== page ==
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Rotator Cuff Tear

REASON FOR VISIT: Followup left-sided rotator cuff tear and cervical spinal stenosis.

HISTORY OF PRESENT ILLNESS: Ms. ABC returns today for followup regarding her left shoulder pain and left upper extremity C6 radiculopathy. I had last seen her on 06/21/07.

At that time, she had been referred to me Dr. X and Dr. Y for evaluation of her left-sided C6 radiculopathy. She also had a significant rotator cuff tear and is currently being evaluated for left-sided rotator cuff repair surgery, I believe on, approximately 07/20/07. At our last visit, I only had a report of her prior cervical spine MRI. I did not have any recent images. I referred her for cervical spine MRI and she returns today.

She states that her symptoms are unchanged. She continues to have significant left-sided shoulder pain for which she is being evaluated and is scheduled for surgery with Dr. Y.

She also has a second component of pain, which radiates down the left arm in a C6 distribution to the level of the wrist. She has some associated minimal weakness described in detail in our prior office note. No significant right upper extremity symptoms. No bowel, bladder dysfunction. No difficulty with ambulation.

FINDINGS: On examination, she has 4 plus over 5 strength in the left biceps and triceps muscle groups, 4 out of 5 left deltoid, 5 out of 5 otherwise in both muscle groups and all muscle groups of upper extremities. Light touch sensation is minimally decreased in the left C6 distribution; otherwise, intact. Biceps and brachioradialis reflexes are 1 plus. Hoffmann sign normal bilaterally. Motor strength is 5 out of 5 in all muscle groups in lower extremities. Hawkins and Neer impingement signs are positive at the left shoulder.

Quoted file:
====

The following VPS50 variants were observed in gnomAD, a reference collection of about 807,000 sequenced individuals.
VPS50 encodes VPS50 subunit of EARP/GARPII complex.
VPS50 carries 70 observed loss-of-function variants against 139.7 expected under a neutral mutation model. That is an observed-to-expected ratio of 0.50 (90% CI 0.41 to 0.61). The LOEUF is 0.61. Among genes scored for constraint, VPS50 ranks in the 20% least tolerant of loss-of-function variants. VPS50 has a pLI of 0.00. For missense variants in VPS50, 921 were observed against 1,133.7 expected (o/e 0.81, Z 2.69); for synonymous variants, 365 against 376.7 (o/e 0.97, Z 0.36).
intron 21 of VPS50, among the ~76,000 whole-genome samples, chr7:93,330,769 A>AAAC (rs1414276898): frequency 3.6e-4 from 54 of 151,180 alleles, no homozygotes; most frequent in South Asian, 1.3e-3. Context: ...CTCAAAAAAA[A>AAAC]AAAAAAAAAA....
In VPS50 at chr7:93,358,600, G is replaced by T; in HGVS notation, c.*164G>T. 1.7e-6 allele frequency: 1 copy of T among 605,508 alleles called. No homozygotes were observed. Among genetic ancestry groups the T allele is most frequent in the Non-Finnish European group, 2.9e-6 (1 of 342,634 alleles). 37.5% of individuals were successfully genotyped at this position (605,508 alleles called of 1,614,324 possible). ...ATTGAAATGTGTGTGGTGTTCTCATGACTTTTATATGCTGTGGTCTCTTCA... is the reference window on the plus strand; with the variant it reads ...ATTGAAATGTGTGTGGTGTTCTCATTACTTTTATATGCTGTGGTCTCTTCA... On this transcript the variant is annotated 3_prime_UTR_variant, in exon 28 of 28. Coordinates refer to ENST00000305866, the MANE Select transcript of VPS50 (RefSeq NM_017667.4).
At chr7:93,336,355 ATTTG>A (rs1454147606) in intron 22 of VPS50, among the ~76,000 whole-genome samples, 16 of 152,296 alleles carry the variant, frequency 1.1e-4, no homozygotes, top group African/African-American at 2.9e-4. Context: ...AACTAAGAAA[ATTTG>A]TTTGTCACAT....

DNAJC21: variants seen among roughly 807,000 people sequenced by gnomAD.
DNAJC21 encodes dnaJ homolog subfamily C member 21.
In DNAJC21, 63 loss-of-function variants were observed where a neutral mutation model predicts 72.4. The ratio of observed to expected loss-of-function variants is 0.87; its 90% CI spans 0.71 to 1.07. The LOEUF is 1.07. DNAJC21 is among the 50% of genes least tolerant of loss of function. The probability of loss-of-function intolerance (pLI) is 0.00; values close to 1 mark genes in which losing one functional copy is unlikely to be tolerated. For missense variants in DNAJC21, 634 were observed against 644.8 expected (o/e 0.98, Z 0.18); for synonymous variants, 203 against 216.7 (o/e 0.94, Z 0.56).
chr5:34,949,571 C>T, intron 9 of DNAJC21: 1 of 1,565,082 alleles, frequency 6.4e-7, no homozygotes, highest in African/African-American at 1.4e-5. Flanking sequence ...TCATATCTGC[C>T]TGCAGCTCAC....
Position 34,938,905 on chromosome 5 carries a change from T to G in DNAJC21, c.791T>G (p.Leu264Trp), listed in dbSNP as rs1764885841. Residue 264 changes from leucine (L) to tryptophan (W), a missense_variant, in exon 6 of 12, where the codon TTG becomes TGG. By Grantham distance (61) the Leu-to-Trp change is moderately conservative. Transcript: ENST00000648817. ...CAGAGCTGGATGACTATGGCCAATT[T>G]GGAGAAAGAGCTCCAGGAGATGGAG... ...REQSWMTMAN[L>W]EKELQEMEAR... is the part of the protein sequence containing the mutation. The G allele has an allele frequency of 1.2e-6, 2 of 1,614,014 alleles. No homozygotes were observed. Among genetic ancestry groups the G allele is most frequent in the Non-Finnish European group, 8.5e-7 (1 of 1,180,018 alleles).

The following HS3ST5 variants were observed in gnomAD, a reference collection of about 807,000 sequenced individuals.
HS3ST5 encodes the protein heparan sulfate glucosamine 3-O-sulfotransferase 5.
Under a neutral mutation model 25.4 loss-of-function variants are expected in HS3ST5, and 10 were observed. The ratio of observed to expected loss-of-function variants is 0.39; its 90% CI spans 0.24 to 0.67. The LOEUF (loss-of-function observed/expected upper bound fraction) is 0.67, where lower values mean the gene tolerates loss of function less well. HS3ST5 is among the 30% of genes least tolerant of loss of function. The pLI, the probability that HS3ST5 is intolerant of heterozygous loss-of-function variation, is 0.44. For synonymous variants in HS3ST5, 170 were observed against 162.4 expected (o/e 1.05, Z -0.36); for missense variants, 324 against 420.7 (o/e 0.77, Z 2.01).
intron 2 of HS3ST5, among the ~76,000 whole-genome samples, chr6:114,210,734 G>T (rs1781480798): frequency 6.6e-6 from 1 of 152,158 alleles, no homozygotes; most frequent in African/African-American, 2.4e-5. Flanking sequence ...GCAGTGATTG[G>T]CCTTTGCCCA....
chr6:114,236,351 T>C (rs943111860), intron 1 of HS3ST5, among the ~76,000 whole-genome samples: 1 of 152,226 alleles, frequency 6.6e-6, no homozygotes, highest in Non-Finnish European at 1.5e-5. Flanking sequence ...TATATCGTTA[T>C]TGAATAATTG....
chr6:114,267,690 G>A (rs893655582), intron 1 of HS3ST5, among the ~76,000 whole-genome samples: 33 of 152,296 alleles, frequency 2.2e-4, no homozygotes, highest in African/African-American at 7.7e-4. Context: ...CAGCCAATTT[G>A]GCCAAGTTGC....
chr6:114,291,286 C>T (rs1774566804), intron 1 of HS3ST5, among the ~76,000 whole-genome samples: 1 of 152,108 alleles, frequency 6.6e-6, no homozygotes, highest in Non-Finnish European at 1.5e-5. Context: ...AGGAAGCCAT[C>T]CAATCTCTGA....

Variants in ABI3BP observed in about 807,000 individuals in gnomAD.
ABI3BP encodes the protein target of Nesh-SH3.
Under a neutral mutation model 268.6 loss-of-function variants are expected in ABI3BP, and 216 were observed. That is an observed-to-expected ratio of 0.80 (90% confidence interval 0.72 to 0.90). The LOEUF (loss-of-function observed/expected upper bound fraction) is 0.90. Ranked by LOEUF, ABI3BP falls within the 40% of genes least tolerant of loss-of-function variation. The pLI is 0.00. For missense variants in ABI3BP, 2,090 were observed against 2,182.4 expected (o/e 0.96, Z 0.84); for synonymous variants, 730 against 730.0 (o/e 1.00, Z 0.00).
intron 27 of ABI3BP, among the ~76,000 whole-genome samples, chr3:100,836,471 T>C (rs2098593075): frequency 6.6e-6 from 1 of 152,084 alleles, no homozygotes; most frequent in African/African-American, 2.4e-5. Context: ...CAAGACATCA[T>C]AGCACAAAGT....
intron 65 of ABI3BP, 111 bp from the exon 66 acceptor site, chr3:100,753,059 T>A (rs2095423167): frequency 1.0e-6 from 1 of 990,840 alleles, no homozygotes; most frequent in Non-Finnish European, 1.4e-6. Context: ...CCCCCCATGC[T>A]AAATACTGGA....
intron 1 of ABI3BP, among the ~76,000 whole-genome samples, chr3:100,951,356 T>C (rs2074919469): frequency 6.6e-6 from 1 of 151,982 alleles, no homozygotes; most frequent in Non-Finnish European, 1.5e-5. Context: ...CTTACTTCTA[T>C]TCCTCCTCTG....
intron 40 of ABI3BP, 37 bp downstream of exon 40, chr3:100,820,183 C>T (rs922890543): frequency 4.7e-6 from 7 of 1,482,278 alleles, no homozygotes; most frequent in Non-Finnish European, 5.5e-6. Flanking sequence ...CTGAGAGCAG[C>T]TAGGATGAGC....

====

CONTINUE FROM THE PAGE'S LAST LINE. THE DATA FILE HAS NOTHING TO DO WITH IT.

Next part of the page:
An EMG study performed on 06/08/07 demonstrates no evidence of radiculopathy or plexopathy or nerve entrapment to the left upper extremity.

Cervical spine MRI dated 06/28/07 is reviewed. It is relatively limited study due to artifact. He does demonstrate evidence of minimal-to-moderate stenosis at the C5-C6 level but without evidence of cord impingement or cord signal change. There appears to be left paracentral disc herniation at the C5-C6 level, although axial T2-weighted images are quite limited.

ASSESSMENT AND PLAN: Ms. ABC’s history, physical examination and radiographic findings are compatible with left shoulder pain and left upper extremity pain, which is due to a combination of left-sided rotator cuff tear and moderate cervical spinal stenosis.

I agree with the plan to go ahead and continue with rotator cuff surgery. With regard to the radiculopathy, I believe this can be treated non-operatively to begin with. I am referring her for consideration of cervical epidural steroid injections. The improvement in her pain may help her recover better from the shoulder surgery.

I will see her back in followup in 3 months, at which time she will be recovering from a shoulder surgery and we will see if she needs any further intervention with regard to the cervical spine.

I will also be in touch with Dr. Y to let him know this information prior to the surgery in several weeks.

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